LOS ANGELES - If you want to know how a comedian behaves in a confessional, just listen to the podcast "WTF With Marc Maron."
Maron got Onion writer Todd Hanson to talk about his bouts with depression and a suicide attempt. Dave Foley shared how alimony payments for his first marriage destroyed his second one. Norm Macdonald admitted he has gone broke three times because of a gambling addiction. And in January, Todd Glass came out of the closet.
"That's the hardest thing I've ever done in my life, but you made it pretty easy to do, with just the right amount of compassion and jokes," Glass said in a late-night phone message to Maron after the show. "I would have never fathomed that, after all these years, it would have been you that helped me do this."
In short: Maron was once despised by his peers. As popular as he was with audiences -- he's made more appearances on Conan O'Brien than any other stand-up -- Acme Comedy Co. owner Louis Lee banned Maron from his Minneapolis club.
"He upset a lot of comics," said Lee, who took the unusual step after observing the comedian's boorish behavior at a festival where he ran way over his allotted time and talked loudly from the audience when others were on stage. "He was not real friendly to people."
But thanks to the podcast's popularity and, more important, his shift in personality, Maron will play Acme this week for the first time in 12 years.
"Before the podcast, I was not a draw. I was a difficult personality," said Maron. "I didn't realize I was there to be pleasant, perhaps build an audience. I was like, 'I'm here. Let's freaking do this. What do you mean I can't do two hours? I don't care if the waitress is mad at me.' That's changed. I've grown up a bit."
Maron's talent was never in question. For 25 years, he's been one of the most unpredictable, gutsiest, thought-provoking comics on the circuit. But he was going to the deep end for the wrong reasons.
"I'm not sure my anger and my edge was something I decided upon," he said, opening up about his neuroses, his addictions and his self-loathing in an otherwise empty hallway of a Los Angeles hotel. "I was genuinely an angry guy. I was genuinely afraid of my audiences and needed to push their buttons to make me feel like I was getting through. My material was overly provocative because that's what I was feeding on."
He could also be a tyrant to his fellow comics. The Onion's Hanson, who has known Maron since 2000, was such a fan that he overlooked his friend's flaws.
"People would say that he's obviously a really tortured guy, but he's a real genius so that made up for him" being a jerk, Hanson said. "I think Marc and I have both grown up enough now to realize that being a genius doesn't make up for it."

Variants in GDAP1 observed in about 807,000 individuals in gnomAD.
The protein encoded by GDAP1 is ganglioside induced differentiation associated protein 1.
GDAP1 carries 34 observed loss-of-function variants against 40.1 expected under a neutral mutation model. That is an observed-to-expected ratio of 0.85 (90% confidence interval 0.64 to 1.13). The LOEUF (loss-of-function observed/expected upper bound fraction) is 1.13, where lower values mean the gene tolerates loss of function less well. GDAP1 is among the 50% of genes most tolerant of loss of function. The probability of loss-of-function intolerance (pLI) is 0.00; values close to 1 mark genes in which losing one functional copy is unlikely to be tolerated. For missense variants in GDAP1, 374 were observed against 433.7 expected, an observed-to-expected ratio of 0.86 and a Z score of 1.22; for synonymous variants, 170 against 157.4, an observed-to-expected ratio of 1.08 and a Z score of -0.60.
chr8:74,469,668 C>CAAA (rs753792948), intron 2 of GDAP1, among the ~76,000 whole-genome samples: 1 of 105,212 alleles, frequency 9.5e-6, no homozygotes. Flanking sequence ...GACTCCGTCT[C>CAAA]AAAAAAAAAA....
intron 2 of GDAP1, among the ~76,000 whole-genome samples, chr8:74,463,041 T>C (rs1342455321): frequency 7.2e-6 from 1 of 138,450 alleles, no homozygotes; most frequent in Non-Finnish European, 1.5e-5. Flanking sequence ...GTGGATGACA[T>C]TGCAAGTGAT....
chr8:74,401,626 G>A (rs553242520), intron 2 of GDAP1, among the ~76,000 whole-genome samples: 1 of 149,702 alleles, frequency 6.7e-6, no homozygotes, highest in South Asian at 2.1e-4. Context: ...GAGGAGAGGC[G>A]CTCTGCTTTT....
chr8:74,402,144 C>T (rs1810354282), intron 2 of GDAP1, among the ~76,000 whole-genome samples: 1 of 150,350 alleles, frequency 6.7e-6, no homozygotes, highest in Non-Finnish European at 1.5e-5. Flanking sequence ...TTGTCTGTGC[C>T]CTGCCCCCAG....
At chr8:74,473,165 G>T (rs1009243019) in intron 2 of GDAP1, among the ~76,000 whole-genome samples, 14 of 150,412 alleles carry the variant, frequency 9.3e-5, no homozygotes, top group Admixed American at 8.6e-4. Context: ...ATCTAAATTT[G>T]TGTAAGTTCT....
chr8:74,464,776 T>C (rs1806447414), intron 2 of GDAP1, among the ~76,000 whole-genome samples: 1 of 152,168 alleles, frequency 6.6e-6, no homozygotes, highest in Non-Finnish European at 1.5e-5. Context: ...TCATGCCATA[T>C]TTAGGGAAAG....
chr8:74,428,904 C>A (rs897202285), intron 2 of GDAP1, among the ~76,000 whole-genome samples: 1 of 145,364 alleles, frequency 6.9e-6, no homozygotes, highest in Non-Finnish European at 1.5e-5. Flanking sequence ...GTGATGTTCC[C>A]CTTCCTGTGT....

Welcome to Marc's house
Maron said a bitter divorce, going broke and being unable to secure gigs led to rock bottom. He dealt with his alcohol and drug addictions, hosted a short-lived game show on VH1 and had his own program from 2004 to 2005 on Air America Radio. But it was the launch of the podcast in 2009 that really turned things around.
The shows are taped twice a week, usually at Maron's house. Basically, he pours out the details of his personal life and then gets guests such as Robin Williams and Bill Maher to do the same. It is frequently No. 1 on the iTunes comedy chart.
"I think he asks questions that comics won't be asked on morning radio," said stand-up comic Todd Barry. "I'm sure they're a bit relieved to just be human for a change."
An in-depth exploration last year of Hanson's deep depression became one of the most poignant moments in the show's history. Hanson, who also voices a character on Adult Swim's "Squidbillies," can't imagine another format where he might do that.
"It's appropriate to talk about heavy, personal stuff on that show, because he does it himself," Hanson said. "It's like Werner Herzog gets his actors to do all these strange things they wouldn't do for anyone else, like eat a poisonous frog, because he'll do it himself."
Hundreds of listeners responded, thanking Hanson and Maron for the interview.
"A lot has been made about how that interview helped others not feel so alone, but there's not been enough said about how that interview helped me," said Hanson, getting emotionally choked up. "It made me feel less alone to be able to talk to Marc. Thanks to this new thing, he's now involving other people in his life. It's his ability to focus on other people that enables him to have reached a new level and find some peace."
His new relationship: fans
Audiences are growing, including people who have never been to a comedy show. Many simply want to meet the person they've been listening to on the podcast. They want to know how his cat's feeling and whether he got the toilet fixed.
Maron -- the comic who once put distance between himself and his fans -- embraces this new relationship.
"I just want to feel emotionally connected to my audience," he said. "Is that weird?"
Not that the gloves are off. Maron is still capable of shocking the uninitiated and biting the hand that feeds him. After appearing last year at Rick Bronson's House of Comedy in the Mall of America, he went on his blog to rip the setting, comparing the club to an airplane hangar. In his last appearance on "Conan," he made the host squirm with a routine about how uncomfortable he felt getting a prostate exam from an Asian doctor.
Maron still feels the need to dive into the deep end, but this time, he's learned to swim rather than drown.
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